Charles: I heard you explain this before.
Ken: Ah. But it’s no good parroting my words back to me—you need to do that somewhere else.
Charles: Okay, so I can only engage with other sentient beings as they manifest in my experience.
Ken: I’m lost, start again. You know, too many big words in that sentence. I’m a bear of very little brain—make it easy for me. [Laughter]
Ken: She doesn’t trust me now. [Laughter]
Charles: When you say things like that I don’t trust you either.
Ken: You’re learning. [Laughter] What is a sentient being, Charles?
Ken: Right. It’s an experience. Good. Everybody got that? Nick?
Ken: Have you got that?
Ken: It’s an experience.
Student: Right. How would, then, one distinguish a sentient being from any other experience? For example the experience of stubbing your toe or…?
Ken: Well, I think it was very rude of that rock to hit my toe; it must have willed it. [Laughter] In the burnt offering you have local demons and regional demons and all of that.
Ken: That’s exactly what they’re talking about. They’re investing these experiences with a mind, and it’s all part of the mystery that you were referring to.
Okay, so sentient beings are experiences and that’s what links to the second line because what happens when we have a problem with a certain experience called a sentient being? You’re game for this one aren’t you, Leslie?
Leslie: A problem?
Ken: Yeah, you have a problem with this experience called a sentient being. What happens in you?
Leslie: You…you grasp or…
Ken: Yeah, there’s a reactive emotion comes flying up right?
Leslie: Yeah, yeah.
Ken: So, Sentient beings are infinite; I vow to save them all. Reactive emotions are infinite; I vow to release them all. You’re moving inwards, you see?
Now, what happens when you’re completely cornered by a reactive emotion? Have any of you found yourself completely cornered by a reactive emotion?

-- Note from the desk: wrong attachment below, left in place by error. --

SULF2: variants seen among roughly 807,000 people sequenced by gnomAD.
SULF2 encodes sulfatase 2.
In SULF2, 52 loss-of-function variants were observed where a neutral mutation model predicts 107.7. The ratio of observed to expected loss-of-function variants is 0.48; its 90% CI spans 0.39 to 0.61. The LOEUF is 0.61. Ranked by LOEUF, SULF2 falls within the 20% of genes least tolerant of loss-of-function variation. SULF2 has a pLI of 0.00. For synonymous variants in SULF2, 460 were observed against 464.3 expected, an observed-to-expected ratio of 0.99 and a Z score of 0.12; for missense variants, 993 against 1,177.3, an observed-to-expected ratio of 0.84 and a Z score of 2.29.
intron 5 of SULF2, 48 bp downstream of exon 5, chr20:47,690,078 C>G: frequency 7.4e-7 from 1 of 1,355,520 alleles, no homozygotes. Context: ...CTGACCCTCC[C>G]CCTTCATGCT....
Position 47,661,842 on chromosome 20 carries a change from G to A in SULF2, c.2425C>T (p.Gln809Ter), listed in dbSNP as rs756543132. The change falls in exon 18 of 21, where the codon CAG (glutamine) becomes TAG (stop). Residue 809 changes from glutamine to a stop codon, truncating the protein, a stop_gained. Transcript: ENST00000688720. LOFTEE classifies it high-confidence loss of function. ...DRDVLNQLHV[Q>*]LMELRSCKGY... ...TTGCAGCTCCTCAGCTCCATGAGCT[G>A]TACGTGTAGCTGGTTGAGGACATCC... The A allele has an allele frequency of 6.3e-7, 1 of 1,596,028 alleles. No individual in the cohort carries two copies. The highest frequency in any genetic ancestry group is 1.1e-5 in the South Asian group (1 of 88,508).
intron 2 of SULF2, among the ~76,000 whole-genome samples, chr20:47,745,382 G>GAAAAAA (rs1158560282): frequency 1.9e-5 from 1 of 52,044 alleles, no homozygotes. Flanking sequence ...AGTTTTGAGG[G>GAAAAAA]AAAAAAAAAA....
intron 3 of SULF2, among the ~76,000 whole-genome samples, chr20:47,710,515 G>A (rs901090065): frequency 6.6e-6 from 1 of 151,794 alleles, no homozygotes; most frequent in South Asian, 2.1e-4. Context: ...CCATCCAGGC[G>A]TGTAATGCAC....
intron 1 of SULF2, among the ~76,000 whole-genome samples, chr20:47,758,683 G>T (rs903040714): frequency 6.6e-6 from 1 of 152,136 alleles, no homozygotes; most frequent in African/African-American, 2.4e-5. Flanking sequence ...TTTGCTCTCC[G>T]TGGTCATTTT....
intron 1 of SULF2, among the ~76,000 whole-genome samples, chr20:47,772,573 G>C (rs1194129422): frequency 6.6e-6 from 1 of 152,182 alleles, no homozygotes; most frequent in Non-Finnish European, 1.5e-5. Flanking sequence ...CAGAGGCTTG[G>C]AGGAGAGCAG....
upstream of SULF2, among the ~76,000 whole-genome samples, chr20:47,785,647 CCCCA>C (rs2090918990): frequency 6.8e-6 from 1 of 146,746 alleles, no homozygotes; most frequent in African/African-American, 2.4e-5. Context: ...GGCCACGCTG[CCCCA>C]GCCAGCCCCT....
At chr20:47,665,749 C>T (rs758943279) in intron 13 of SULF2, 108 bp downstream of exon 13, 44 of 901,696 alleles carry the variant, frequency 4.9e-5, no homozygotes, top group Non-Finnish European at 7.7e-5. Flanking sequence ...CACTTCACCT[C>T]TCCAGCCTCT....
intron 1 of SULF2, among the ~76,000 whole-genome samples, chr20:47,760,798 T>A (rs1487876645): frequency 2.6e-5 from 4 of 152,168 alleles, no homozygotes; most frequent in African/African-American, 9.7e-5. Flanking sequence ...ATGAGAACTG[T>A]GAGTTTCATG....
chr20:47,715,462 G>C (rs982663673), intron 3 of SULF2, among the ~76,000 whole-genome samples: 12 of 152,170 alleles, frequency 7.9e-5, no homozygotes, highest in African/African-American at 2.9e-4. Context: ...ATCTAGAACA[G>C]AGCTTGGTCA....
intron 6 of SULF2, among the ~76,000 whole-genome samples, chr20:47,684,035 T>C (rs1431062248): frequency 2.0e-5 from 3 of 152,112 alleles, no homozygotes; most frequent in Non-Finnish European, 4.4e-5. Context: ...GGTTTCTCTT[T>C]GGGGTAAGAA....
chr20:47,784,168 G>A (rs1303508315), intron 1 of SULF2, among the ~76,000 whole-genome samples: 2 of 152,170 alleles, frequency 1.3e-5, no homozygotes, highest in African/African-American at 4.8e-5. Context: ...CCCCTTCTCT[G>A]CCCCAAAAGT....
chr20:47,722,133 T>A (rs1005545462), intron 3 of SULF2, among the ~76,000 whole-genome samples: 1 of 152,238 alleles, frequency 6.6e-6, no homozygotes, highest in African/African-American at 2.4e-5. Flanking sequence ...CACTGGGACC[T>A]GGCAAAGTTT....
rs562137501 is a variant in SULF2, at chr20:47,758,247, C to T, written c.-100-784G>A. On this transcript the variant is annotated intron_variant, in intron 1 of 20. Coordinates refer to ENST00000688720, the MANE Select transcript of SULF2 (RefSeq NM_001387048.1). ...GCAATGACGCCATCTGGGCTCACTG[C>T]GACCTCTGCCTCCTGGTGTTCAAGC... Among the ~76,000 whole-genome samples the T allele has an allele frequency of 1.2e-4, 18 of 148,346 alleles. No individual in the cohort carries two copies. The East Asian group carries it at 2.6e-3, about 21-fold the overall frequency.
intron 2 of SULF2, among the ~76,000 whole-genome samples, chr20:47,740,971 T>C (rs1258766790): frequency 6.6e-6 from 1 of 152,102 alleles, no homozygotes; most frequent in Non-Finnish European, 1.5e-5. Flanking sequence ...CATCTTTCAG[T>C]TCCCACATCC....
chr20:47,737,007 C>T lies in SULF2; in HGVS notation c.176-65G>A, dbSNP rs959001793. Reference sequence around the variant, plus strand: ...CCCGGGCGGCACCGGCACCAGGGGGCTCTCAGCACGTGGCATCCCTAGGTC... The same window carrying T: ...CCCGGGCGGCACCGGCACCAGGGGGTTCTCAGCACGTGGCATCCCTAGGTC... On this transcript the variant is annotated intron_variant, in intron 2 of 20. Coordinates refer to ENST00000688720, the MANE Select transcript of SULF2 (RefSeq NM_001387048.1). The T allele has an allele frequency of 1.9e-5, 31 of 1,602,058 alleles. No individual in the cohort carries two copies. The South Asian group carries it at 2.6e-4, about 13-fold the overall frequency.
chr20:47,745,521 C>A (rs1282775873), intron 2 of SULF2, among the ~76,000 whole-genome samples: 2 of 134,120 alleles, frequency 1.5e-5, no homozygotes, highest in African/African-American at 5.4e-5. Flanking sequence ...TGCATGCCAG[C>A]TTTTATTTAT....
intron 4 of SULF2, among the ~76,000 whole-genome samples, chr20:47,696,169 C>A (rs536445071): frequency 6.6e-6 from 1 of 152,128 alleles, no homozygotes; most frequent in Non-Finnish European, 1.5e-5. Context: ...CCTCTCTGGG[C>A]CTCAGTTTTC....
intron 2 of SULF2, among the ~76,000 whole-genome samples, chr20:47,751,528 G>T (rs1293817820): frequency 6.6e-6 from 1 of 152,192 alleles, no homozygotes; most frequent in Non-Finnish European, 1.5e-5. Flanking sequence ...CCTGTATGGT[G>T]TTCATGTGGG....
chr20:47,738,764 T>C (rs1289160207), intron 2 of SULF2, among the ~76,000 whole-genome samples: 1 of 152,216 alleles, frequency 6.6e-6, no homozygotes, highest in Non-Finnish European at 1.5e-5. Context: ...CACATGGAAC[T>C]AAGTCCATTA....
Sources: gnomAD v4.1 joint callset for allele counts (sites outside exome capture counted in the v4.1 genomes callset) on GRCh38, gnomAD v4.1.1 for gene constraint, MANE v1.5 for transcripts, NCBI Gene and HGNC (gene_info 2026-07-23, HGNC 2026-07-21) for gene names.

Student: You can’t see.
Ken: Yeah, over this way it’s hell, over this way it’s hell, over this way it’s hell. So you turn around and guess what, it’s hell right behind you. Now what? What choice do you have at that point?
Student: You don’t have any choices.
Ken: Yes. This is one of the best things that can happen to you in your dharma practice because when you don’t have any choice, what’s the only thing you can do?
Ken: Yeah, you have to experience exactly what’s there—you don’t have any choice—there’s no way out. What do you find then?
Student: It eventually goes away.
Student: It eventually goes away, it may come again another day.
Larry: Maybe the third line.
Larry: The third line.
Ken: You’re going to have to say more, Larry.
Larry: Well, you’re with the experience that you have rather than the one you’re looking for.
Larry: You relate to that.
Ken: Yeah, you have to relate to it. What happens when you start relating to it?
Larry: Then there’s further texture and further experience and possibility that wasn’t there when you were trying to get away.